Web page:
Lock Me Up! — “Necessary Stories” from The Jerusalem Report

Haim Watzman

Your honor, I realize that it is irregular that counsel for a member of the courtroom audience approach the bench. But I hope that you will hold your peace and allow me, before you hand down the sentences of the men and women convicted in the Holyland case, to present my client’s plea.

     illustration by Avi Katz

     illustration by Avi Katz

My client—this is he, sitting here in the front row, the one with the funny nose, no, he’s not in a coma, that’s just his way of displaying interest—is a man of modest means, a freelance writer whose words have quickened the hearts of a handful of readers around the globe. He’s a family man, devoted to his community and his country, the salt of the earth, as we like to say. Unlike the movers and shakers who sit in the dock before you, Haim Watzman is barely known to anyone of importance. Like millions of other Israeli citizens, he labors long hours silently, without wealth and fame. And he has come here to ask, Judge Rosen, why he, too, should not be provided with room and board by the state for the next several years.

Has he committed a crime? No, he has committed no crime—because Israeli society has given him no opportunity to do so. Had he been born into wealth, he might have used it to corrupt one of our leaders. Had he been appointed to a position of power, he might have used his influence for personal gain. Never having been invested with the public trust, he was barred from violating it.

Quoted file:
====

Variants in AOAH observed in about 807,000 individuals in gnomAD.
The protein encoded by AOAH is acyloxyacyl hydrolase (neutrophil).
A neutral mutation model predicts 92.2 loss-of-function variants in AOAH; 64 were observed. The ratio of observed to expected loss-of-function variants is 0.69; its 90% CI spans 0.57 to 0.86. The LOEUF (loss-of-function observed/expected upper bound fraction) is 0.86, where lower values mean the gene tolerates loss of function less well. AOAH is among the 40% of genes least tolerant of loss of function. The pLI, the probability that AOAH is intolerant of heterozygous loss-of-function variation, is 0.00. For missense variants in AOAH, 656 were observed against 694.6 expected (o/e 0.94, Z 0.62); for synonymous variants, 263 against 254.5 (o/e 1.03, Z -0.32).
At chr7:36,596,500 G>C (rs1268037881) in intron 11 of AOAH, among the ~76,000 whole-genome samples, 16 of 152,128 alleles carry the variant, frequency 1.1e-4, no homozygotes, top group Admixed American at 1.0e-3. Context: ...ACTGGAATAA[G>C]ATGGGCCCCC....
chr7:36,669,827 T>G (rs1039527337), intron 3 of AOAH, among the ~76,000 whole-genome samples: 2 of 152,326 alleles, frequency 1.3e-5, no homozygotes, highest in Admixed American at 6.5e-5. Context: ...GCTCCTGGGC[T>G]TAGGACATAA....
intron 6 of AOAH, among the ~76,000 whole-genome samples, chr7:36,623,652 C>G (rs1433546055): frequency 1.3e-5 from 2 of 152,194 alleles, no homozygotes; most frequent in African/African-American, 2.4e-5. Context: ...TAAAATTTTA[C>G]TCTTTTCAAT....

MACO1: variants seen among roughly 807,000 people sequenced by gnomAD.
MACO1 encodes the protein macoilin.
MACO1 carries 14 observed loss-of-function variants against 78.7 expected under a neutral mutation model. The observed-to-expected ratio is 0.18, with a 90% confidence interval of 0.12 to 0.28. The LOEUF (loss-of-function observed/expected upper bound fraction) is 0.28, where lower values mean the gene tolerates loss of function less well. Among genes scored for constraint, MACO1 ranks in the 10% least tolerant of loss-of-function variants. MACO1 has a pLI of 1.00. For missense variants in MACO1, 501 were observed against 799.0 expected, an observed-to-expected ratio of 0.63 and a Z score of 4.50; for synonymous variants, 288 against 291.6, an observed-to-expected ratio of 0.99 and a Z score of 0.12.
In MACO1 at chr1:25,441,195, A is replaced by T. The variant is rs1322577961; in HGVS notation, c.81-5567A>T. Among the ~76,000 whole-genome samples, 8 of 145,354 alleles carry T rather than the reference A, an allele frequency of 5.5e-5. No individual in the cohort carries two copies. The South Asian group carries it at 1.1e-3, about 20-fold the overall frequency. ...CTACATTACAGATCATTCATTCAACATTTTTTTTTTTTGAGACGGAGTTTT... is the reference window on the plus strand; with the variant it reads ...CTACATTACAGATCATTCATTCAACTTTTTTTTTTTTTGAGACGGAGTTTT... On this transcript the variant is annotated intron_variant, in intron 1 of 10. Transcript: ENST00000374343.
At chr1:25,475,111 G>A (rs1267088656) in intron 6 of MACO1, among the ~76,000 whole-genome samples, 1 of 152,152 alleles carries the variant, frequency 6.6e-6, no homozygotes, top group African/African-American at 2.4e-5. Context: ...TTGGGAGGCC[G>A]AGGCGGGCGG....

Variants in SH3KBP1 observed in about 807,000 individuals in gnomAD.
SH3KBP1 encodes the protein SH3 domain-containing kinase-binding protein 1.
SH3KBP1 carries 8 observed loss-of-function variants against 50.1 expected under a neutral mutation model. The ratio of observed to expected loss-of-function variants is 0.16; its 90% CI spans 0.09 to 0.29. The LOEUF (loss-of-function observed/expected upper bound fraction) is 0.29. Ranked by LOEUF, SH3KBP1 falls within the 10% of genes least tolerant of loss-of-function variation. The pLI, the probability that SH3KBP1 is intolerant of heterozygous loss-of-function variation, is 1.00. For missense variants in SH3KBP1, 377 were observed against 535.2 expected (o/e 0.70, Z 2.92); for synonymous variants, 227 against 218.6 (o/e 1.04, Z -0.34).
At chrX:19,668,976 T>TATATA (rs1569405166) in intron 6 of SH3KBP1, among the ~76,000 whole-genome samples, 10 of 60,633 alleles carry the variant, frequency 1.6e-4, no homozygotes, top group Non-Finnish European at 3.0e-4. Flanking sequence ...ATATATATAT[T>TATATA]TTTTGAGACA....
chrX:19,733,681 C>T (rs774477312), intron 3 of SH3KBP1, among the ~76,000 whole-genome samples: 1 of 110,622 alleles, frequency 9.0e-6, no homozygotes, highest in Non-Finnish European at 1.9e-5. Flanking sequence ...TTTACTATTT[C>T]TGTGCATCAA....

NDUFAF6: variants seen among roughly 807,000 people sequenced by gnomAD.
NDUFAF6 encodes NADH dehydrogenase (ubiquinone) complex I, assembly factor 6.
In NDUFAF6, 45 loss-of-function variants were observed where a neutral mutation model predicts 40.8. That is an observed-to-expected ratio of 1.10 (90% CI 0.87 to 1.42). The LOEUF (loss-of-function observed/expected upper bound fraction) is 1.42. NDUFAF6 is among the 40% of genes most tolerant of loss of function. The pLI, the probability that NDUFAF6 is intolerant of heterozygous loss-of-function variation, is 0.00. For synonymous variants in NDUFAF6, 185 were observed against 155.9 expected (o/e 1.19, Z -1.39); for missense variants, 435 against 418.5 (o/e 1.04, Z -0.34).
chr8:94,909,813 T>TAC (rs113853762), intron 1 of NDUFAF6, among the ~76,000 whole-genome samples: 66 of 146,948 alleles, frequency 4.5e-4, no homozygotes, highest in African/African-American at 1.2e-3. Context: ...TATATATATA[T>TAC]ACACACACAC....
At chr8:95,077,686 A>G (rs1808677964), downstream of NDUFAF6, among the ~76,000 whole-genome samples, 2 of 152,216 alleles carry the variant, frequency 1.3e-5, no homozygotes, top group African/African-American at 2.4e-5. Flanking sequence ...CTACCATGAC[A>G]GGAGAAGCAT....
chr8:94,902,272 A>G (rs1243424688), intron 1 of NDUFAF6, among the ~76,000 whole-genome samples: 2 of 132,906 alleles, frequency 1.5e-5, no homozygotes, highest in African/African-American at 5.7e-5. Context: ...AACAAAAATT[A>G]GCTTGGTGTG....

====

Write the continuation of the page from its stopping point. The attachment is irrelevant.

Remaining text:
I ask you, your honor, is this fair? Is it constitutional? Has my client not been denied the rights guaranteed to him under our Basic Law: Human Dignity and Liberty? What dignity can he have if he is denied the kind of power that a wealthy man would pay him to misuse? And what about the Basic Law: Freedom of Occupation? Is Mr. Watzman truly able “to engage in any occupation, profession or trade?” No, he is not. He is precluded, through a lack of money and connections, from being a high-rolling property developer like defendant number 2. He may not, like defendant number 7, approve zoning variances to property developers—after all, no one would think of appointing as city engineer a man who is precise about commas but nothing else. He may not pay out million-shekel bribes because, unlike defendant 12, he does not own a salt works, and he may not use dirty money to buy wheelchairs for the infirm, as defendant number 6 did, because he does not run a multi-million-dollar charity. Unlike defendant number 8, he was never elected to anything. He tried, but not even his mother voted for him, as she is not an Israeli citizen. Is this not further evidence of the rising inequality that plagues our once nearly classless society?